The city says it wants to take control of its own destiny with a Denver-centric transit plan, which is currently in development. Implementing that plan will likely mean “buying up” service from RTD, much like Boulder does. So Denver can still control its own transit destiny to a large extent.

Now the question is whether Mayor Hancock and the City Council will come up with the funds to buy the transit service Denver needs.

An earlier version of this article referred to the state legislature, instead of the RTD Board of Directors, as having influence over a tax increase

  • TakeFive

    If state legislators wanted to, they could raise the 1 percent regional sales tax that funds RTD or secure other revenue in the state budget to shore up the agency’s finances.

    The State has nothing to do with RTD’s 1% sales tax. Only the voters of the RTD district have authority over that. The state has no authority on its own to raise new tax revenue for transit or anything else. Any new taxes must be approved by voters. What the state can do is to create an initiative for voter approval. BTW, I see that NYC’s transit tax is only three-eighths of one percent. Not sure why would prefer that?

  • TakeFive

    Now the question is whether Mayor Hancock and the City Council will come up with the funds to buy the transit service Denver needs.

    Presumably any funds for buy-ins will necessitate new tax revenue which must be approved by voters. There’s hardly enough discretionary funds available to prevent maintenance backlogs from building.

  • mckillio

    Denver could and should raise their sales tax to help fund transit but at a rate that is still lower than adjacent municipalities.

    • TakeFive

      Good choice. I believe the Mayor has gone on record as not wanting to use the property tax for transit – not that he couldn’t change his mind ofc. The tourism tax seems unlikely since it was re-upped to pay for the National Western project and additional tourism tax is in the works upon approval by a majority of hotel owners to help fund the CCC renovation.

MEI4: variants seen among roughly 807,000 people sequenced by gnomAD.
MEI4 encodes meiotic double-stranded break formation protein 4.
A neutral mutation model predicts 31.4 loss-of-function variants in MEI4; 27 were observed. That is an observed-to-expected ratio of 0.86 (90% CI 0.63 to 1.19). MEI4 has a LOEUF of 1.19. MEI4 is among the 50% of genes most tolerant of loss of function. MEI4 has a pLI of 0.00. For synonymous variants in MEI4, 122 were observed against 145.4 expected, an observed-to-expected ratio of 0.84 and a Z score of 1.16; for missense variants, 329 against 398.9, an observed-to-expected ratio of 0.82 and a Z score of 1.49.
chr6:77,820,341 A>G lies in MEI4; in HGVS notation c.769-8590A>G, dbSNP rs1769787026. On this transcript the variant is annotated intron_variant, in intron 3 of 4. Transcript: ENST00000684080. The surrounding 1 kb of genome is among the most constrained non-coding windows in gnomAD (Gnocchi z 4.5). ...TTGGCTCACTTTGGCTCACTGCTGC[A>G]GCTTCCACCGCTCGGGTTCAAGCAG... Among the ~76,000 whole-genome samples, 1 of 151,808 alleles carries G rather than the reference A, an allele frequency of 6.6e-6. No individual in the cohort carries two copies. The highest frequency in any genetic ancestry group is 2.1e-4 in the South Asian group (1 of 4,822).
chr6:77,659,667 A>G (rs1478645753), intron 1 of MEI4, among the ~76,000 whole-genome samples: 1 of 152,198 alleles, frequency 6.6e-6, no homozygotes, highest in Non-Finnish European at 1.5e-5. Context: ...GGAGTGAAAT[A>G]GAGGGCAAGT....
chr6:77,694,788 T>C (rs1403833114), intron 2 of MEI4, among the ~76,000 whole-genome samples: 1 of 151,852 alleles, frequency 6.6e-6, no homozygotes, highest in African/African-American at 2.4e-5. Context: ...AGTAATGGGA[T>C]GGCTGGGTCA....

I think a fuel tax would make a lot of sense but I believe that is reserved for the state and CDOT. Whether the legal gymnastics needed to allow Denver to tax fuel could be accomplished, I dunno.

  • The Field Mice

    Any estimates as to how much these reductions are suppose to save?

  • Andy George

    I don’t know who the 115 genius that take the 89 bus between Central Park Station and the Anschutz Medical Campus every day are, they may have head injuries. They need to be told the A / R train gets there faster. That’s an easy half a million cut.

    To save tens of millions, how about reducing the number of fare check / “rent a cops” to one per every few trains from two or more for every train. Same for the two or three standing on platforms in broad daylight.

    Reduce the number of cars on the R from three to one or two. I have never seen enough people on that line to even fill one car. Why does this train run all the way to Lincoln? Stop the R at Bellevue, change trains to an E or F, one comes by every 7.5 minutes for the six people going that far south. + $700 K.

    Add a third or forth car to the W from the R during the AM & PM rush hours, it is standing room only, more room is more fares. + $400 K.

    Give a small discount for bulk and or cash fare / ticket purchases. RTD hands over almost 1/2 of a single $2.35 fare to Visa / MC / AMEX in credit card transaction fees. Millions.

    More advertising in on trains, busses, stations. Millions.

    Surge pricing for games, premium parking spots, drunk train, etc. Millions.

    Budget solved. Mike dropped.